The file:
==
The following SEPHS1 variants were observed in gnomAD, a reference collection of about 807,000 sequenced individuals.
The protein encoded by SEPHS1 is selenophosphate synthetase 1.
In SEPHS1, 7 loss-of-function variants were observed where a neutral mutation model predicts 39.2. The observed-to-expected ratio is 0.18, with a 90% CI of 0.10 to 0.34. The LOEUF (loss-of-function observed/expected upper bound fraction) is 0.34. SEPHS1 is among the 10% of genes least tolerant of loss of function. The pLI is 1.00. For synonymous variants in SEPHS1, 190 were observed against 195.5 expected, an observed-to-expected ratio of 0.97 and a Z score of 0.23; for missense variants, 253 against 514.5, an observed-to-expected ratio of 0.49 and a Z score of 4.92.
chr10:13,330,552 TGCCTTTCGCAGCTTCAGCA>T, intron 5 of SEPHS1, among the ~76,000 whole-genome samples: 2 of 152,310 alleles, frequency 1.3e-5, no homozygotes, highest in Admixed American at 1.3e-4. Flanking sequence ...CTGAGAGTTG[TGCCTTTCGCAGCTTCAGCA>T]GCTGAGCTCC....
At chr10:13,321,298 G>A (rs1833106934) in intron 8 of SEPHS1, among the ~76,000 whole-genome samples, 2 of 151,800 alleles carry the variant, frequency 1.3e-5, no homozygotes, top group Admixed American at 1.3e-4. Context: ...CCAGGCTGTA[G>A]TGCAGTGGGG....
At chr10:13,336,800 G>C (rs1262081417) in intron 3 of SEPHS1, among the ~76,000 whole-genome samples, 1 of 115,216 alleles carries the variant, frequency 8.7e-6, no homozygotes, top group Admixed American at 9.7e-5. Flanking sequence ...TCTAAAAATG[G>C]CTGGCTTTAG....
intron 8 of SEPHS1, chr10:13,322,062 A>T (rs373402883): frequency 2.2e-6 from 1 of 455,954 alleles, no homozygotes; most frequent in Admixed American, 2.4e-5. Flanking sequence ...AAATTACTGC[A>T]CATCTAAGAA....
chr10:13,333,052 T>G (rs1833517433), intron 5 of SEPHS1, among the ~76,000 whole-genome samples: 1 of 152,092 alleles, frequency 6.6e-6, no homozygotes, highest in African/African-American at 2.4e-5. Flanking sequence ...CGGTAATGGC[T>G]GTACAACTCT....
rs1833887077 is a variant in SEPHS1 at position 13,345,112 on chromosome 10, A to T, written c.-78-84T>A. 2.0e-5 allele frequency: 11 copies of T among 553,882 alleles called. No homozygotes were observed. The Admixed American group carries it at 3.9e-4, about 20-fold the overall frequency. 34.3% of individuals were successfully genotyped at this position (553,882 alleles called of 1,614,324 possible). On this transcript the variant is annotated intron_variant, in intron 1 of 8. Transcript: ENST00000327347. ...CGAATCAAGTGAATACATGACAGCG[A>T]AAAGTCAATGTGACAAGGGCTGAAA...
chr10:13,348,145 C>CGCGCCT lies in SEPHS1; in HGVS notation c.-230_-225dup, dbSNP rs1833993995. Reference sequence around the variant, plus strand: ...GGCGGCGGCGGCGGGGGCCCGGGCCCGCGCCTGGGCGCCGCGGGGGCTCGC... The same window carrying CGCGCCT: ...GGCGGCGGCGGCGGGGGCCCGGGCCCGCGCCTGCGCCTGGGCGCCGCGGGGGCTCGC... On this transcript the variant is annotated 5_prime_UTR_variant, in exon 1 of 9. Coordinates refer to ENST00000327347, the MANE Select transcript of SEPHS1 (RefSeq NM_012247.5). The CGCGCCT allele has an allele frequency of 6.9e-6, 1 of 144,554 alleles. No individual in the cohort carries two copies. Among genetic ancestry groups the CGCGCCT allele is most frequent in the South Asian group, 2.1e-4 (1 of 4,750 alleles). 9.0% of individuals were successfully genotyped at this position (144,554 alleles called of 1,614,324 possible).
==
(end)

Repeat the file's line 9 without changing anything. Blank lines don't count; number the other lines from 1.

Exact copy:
rs1833887077 is a variant in SEPHS1 at position 13,345,112 on chromosome 10, A to T, written c.-78-84T>A. 2.0e-5 allele frequency: 11 copies of T among 553,882 alleles called. No homozygotes were observed. The Admixed American group carries it at 3.9e-4, about 20-fold the overall frequency. 34.3% of individuals were successfully genotyped at this position (553,882 alleles called of 1,614,324 possible). On this transcript the variant is annotated intron_variant, in intron 1 of 8. Transcript: ENST00000327347. ...CGAATCAAGTGAATACATGACAGCG[A>T]AAAGTCAATGTGACAAGGGCTGAAA...